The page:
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Migration conditions bring important changes in the lives of migrants, wherever we are, we are all parts of a world almost already, without borders. Migration is one of the central topics of globalization in the 21st century. In the United States, Europe and Latin America hospitals, clinics and private clinics have been transformed into places of intercultural meeting between professionals and clients. Families work in transnational spaces. All immigrants, those who left their countries voluntarily or those who are forced to seek asylum or political refugee status, those who come from nearby or far away, those immigrants who are men, women, young or old, rich or poor, suffer in some degree or another, some form of loss, grief or mourning.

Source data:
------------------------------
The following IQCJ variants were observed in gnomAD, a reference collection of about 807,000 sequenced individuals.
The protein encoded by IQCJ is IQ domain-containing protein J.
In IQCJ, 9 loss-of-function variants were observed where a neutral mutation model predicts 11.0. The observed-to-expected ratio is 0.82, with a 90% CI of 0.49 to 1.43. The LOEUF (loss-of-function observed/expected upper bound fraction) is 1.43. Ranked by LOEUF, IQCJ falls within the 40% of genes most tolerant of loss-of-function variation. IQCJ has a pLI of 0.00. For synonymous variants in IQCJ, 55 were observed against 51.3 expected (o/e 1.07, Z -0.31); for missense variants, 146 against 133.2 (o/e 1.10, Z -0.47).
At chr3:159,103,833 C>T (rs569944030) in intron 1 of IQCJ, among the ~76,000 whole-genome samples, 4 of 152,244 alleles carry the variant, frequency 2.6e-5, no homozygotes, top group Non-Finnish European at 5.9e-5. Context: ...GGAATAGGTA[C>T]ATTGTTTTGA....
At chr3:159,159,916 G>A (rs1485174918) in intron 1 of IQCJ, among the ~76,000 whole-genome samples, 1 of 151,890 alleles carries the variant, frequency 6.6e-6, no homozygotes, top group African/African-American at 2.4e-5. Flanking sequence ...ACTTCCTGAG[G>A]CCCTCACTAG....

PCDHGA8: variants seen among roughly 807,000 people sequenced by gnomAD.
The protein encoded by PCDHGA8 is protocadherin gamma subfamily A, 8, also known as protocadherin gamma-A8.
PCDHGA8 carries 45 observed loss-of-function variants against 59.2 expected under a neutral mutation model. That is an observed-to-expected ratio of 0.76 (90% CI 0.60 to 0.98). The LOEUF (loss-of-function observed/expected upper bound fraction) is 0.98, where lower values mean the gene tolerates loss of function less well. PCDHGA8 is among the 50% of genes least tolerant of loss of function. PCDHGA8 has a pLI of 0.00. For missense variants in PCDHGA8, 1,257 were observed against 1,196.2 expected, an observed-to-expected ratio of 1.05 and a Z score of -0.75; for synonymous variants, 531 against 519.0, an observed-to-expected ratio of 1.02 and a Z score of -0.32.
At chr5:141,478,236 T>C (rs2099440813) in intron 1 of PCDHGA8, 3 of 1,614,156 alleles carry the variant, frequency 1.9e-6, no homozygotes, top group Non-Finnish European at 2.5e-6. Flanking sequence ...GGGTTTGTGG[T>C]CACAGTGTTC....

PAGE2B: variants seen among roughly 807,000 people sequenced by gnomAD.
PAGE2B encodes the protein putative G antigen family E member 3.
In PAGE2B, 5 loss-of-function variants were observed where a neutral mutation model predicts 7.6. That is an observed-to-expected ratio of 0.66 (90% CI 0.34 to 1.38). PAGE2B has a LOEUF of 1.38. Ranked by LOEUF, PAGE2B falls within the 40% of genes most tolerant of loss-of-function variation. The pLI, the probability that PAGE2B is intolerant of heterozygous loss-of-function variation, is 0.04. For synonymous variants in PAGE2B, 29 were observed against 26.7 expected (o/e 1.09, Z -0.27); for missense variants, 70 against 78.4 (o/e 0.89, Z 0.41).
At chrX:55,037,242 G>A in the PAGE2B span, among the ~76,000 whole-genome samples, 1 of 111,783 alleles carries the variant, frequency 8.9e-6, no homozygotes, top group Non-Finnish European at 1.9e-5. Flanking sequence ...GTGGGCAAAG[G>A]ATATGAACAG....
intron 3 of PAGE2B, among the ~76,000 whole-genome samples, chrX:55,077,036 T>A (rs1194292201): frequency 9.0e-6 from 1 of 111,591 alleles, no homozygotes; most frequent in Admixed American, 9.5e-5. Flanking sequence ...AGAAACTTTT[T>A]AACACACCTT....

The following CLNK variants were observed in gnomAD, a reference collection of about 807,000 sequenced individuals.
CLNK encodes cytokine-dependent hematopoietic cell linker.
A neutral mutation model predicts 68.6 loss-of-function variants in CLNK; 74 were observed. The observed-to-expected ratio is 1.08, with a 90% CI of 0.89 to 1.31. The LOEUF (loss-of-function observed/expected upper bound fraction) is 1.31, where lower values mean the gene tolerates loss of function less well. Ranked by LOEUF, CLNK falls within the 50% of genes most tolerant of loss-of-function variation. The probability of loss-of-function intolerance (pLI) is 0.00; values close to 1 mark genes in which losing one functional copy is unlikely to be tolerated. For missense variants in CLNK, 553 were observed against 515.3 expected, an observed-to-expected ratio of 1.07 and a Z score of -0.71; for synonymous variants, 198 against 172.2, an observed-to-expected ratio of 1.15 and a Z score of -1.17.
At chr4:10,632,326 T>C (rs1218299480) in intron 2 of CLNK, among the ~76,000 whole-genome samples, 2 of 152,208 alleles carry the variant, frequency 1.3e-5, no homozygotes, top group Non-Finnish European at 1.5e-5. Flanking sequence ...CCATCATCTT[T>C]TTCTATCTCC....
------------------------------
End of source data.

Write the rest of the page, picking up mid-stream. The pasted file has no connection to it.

The loss of migration has special characteristics that distinguish it from other types of loss. Unlike the unalterable fact of death, which has been incorrectly compared, the immigrant losses are both larger and smaller. They are more spacious than the death of a close person because migration brings losses of all kinds: loss of relatives and friends who remain in the country of origin, lost native language, traditions and rituals, the earth itself.

There are compensatory elements, such as the hope of economic improvement, educational opportunities, or new political, economic or social freedoms.

These elements create contradictory emotions: sadness and joy; lost and refunds; absence and presence that make losses are incomplete, ambiguous, postponed and as someone has called them “perpetual mourning”.

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